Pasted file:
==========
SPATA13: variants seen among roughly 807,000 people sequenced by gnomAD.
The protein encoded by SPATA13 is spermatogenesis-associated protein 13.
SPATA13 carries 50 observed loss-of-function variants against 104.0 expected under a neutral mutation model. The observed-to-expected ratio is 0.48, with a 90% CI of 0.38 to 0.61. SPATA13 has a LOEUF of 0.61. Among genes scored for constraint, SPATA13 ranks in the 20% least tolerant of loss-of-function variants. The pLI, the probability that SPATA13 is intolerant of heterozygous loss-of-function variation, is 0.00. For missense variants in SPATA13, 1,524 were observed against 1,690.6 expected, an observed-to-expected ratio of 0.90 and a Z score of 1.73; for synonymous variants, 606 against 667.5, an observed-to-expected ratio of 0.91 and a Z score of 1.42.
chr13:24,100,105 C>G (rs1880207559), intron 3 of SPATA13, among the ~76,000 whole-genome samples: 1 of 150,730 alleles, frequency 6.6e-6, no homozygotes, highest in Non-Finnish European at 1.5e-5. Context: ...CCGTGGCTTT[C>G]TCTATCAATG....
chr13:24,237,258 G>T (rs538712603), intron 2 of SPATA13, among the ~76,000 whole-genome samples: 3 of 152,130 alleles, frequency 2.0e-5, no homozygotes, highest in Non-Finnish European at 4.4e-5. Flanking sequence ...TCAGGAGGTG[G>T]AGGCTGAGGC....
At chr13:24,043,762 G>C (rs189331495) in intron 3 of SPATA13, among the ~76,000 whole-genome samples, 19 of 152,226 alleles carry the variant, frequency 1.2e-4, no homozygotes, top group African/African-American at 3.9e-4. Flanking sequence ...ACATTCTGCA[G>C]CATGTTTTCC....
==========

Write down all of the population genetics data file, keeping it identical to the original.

SPATA13: variants seen among roughly 807,000 people sequenced by gnomAD.
The protein encoded by SPATA13 is spermatogenesis-associated protein 13.
SPATA13 carries 50 observed loss-of-function variants against 104.0 expected under a neutral mutation model. The observed-to-expected ratio is 0.48, with a 90% CI of 0.38 to 0.61. SPATA13 has a LOEUF of 0.61. Among genes scored for constraint, SPATA13 ranks in the 20% least tolerant of loss-of-function variants. The pLI, the probability that SPATA13 is intolerant of heterozygous loss-of-function variation, is 0.00. For missense variants in SPATA13, 1,524 were observed against 1,690.6 expected, an observed-to-expected ratio of 0.90 and a Z score of 1.73; for synonymous variants, 606 against 667.5, an observed-to-expected ratio of 0.91 and a Z score of 1.42.
chr13:24,100,105 C>G (rs1880207559), intron 3 of SPATA13, among the ~76,000 whole-genome samples: 1 of 150,730 alleles, frequency 6.6e-6, no homozygotes, highest in Non-Finnish European at 1.5e-5. Context: ...CCGTGGCTTT[C>G]TCTATCAATG....
chr13:24,237,258 G>T (rs538712603), intron 2 of SPATA13, among the ~76,000 whole-genome samples: 3 of 152,130 alleles, frequency 2.0e-5, no homozygotes, highest in Non-Finnish European at 4.4e-5. Flanking sequence ...TCAGGAGGTG[G>T]AGGCTGAGGC....
At chr13:24,043,762 G>C (rs189331495) in intron 3 of SPATA13, among the ~76,000 whole-genome samples, 19 of 152,226 alleles carry the variant, frequency 1.2e-4, no homozygotes, top group African/African-American at 3.9e-4. Flanking sequence ...ACATTCTGCA[G>C]CATGTTTTCC....